A Group, A Hillside, A Cave—The Dreams of the Walker.



 It can be dangerous to live inside your own head, deadly sometimes too. But it is a job and I am good at it. 

We went into the cave. It is dark, the kind of dark where you have a sense of what is around but everything recedes from you. I sense the tall ceiling, the rough and smooth grey rock. There is a door on one side of the room. By door I do not mean a door with a knocker, a paint job and a peephole, but a two-foot tall barrier running across the room. A door that is as present as a mountain yet as easily crossed as breaking through a thin layer of ice on a puddle—the cautious pressure, the yield, the crunch and the instant disappointment. 

I know the blue aliens are on the other side. Long arms and legs, round eyes, skin of a blue morpho. And I know that they are evil and desperate to get through. We must prevent this.

The cave is dark. The group forces their way through the blackness. I was the last to go into the antechamber on the other side of the door. If ventured down the stair ten feet from in the antechamber, we would be in their realm and we would not be able to leave. I can see why the aliens want to leave, the ground covered in grey earth and clinging mist. Gnarled and black twisted roots loomed, treeless.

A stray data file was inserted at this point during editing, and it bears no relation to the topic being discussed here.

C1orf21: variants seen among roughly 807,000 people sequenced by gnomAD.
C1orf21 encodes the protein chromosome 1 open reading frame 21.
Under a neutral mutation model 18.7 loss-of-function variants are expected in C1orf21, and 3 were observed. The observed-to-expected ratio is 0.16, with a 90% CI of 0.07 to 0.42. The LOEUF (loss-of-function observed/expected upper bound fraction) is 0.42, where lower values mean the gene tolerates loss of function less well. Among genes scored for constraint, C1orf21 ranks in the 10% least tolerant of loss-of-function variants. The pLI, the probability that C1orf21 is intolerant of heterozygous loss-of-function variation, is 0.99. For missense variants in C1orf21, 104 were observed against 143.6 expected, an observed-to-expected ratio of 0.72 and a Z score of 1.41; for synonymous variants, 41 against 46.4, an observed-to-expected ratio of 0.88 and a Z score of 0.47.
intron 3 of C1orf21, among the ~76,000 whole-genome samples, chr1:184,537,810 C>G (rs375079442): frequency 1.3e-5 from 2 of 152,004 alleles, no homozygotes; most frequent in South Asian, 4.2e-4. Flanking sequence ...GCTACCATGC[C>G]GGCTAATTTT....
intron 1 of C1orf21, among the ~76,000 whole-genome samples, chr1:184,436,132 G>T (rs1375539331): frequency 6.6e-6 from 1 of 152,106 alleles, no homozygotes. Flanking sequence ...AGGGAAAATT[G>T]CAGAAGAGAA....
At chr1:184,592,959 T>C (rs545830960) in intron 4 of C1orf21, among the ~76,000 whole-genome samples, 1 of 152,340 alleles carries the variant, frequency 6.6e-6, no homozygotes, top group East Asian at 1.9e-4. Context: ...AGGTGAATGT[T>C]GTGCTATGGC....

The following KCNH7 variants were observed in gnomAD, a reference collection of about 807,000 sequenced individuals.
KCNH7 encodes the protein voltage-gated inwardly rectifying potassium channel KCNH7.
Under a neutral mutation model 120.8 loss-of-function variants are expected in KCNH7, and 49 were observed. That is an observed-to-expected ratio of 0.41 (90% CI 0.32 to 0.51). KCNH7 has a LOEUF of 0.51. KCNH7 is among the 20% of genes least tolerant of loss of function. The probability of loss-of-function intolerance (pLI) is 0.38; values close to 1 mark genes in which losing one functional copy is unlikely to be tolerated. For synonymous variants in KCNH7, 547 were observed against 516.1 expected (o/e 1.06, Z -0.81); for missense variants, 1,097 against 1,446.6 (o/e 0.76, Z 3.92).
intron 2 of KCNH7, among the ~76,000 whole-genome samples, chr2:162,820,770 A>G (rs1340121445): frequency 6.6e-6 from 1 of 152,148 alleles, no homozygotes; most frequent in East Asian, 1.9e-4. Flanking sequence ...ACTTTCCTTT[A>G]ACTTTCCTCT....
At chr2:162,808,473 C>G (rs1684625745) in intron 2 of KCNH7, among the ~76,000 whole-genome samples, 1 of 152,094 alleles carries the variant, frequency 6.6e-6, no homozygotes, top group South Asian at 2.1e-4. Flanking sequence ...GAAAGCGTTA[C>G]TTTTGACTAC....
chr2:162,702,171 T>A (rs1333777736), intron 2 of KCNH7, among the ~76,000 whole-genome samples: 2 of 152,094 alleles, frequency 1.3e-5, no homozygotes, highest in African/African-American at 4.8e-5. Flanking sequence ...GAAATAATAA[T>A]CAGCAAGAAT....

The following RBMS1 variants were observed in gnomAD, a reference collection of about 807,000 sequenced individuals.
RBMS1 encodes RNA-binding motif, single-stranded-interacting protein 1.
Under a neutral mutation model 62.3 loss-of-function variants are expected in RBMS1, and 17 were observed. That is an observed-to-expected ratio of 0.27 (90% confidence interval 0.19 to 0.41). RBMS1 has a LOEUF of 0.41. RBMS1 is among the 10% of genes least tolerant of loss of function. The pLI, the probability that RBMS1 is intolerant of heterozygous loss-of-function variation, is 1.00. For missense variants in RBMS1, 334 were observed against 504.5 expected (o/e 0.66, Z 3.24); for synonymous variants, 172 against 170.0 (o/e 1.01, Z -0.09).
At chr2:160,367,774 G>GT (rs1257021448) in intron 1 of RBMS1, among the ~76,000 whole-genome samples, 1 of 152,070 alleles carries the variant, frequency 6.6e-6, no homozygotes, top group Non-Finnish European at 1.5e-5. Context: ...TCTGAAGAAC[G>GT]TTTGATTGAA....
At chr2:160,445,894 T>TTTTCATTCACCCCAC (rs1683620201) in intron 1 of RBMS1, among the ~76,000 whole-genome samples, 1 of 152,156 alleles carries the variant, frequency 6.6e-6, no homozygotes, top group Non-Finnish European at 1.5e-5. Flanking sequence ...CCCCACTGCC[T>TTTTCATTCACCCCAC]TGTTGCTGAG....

She had a possessed and distant look in her eyes, the woman who led the way. Through her clothes and pudge, I could see the dichotomy of muscle and knew she was strong.

I felt the terror of a life damned to the mist and didn’t want to risk a fight with the aliens. After all, I had not agreed to be here in the first place. The pull of a fight, the pull of time—the fight came any way and I killed them with my knife, plunged my fingers into their squishy eyes, tugging and ripping them out. Reached far into their skulls to confirm to myself of their death. They died quickly and they died easily.

Quite but not calm in the aftermath. The area has not changed and the grey blindness envelopes the carnage.

I returned to the antechamber to see Flora. She was sad and melancholy and had the possessed look of the group leader in her eyes. She was next to an old and dirty fridge, which had appeared while we were fighting. This fridge is beige, with the sign of years hanging off it and metal handle. I felt instantly wary. I tried to get Flora to leave the fridge, but I couldn’t. An old man from our party appeared to tell me sometimes this happens and there was nothing to be done. The fridge had a hold of her and its melancholy seeping out had gripped Hannah.

I am unwilling to give up. All I need is a new fridge, a new vice something to replace this morose one. A fridge that mists contentedness. Out the cave, down the hill—there is the road. Salvation would drive by. I could just trip up a truck carrying new fridges. Then I would carry that fridge up the mountain, into the cave. I would attach Hannah to this new fridge. A life attached, but ameliorated. As I hurry toward the road a truck stacked high with fridges passes, but I am still to far.

I am also feeling the awareness of wakefulness descending. I run faster, feeling no effect in chest or legs, knowing I must get Flora a fridge and knowing too I will be awake….

Awake. Feeling the dream’s clarity slipping away and the silliness of fridges and fear of mist return. I sigh and take off my dream helmet. 

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